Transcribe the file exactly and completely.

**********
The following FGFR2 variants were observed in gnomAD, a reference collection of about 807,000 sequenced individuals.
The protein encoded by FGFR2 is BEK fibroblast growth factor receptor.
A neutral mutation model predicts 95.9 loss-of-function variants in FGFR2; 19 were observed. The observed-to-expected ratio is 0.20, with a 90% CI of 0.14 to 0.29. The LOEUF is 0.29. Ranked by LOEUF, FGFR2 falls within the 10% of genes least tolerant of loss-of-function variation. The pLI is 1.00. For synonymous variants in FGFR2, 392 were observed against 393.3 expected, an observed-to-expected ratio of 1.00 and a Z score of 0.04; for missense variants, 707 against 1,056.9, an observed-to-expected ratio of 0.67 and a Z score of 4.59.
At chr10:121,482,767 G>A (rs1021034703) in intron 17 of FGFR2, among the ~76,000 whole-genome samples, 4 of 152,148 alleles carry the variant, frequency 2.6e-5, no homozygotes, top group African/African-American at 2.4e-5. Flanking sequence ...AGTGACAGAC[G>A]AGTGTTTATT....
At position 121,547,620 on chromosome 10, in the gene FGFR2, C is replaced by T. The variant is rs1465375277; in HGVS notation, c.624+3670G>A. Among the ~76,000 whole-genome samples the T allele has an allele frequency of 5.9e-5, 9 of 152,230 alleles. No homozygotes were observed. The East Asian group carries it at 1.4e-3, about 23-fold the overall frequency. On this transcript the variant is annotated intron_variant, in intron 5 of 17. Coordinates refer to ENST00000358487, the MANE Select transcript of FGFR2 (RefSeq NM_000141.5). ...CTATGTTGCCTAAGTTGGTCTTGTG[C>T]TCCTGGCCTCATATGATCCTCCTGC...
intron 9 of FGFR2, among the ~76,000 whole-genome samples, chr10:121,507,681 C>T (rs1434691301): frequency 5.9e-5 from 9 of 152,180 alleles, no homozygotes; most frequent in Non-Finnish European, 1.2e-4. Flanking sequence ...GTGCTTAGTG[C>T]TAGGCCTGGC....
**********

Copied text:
The following FGFR2 variants were observed in gnomAD, a reference collection of about 807,000 sequenced individuals.
The protein encoded by FGFR2 is BEK fibroblast growth factor receptor.
A neutral mutation model predicts 95.9 loss-of-function variants in FGFR2; 19 were observed. The observed-to-expected ratio is 0.20, with a 90% CI of 0.14 to 0.29. The LOEUF is 0.29. Ranked by LOEUF, FGFR2 falls within the 10% of genes least tolerant of loss-of-function variation. The pLI is 1.00. For synonymous variants in FGFR2, 392 were observed against 393.3 expected, an observed-to-expected ratio of 1.00 and a Z score of 0.04; for missense variants, 707 against 1,056.9, an observed-to-expected ratio of 0.67 and a Z score of 4.59.
At chr10:121,482,767 G>A (rs1021034703) in intron 17 of FGFR2, among the ~76,000 whole-genome samples, 4 of 152,148 alleles carry the variant, frequency 2.6e-5, no homozygotes, top group African/African-American at 2.4e-5. Flanking sequence ...AGTGACAGAC[G>A]AGTGTTTATT....
At position 121,547,620 on chromosome 10, in the gene FGFR2, C is replaced by T. The variant is rs1465375277; in HGVS notation, c.624+3670G>A. Among the ~76,000 whole-genome samples the T allele has an allele frequency of 5.9e-5, 9 of 152,230 alleles. No homozygotes were observed. The East Asian group carries it at 1.4e-3, about 23-fold the overall frequency. On this transcript the variant is annotated intron_variant, in intron 5 of 17. Coordinates refer to ENST00000358487, the MANE Select transcript of FGFR2 (RefSeq NM_000141.5). ...CTATGTTGCCTAAGTTGGTCTTGTG[C>T]TCCTGGCCTCATATGATCCTCCTGC...
intron 9 of FGFR2, among the ~76,000 whole-genome samples, chr10:121,507,681 C>T (rs1434691301): frequency 5.9e-5 from 9 of 152,180 alleles, no homozygotes; most frequent in Non-Finnish European, 1.2e-4. Flanking sequence ...GTGCTTAGTG[C>T]TAGGCCTGGC....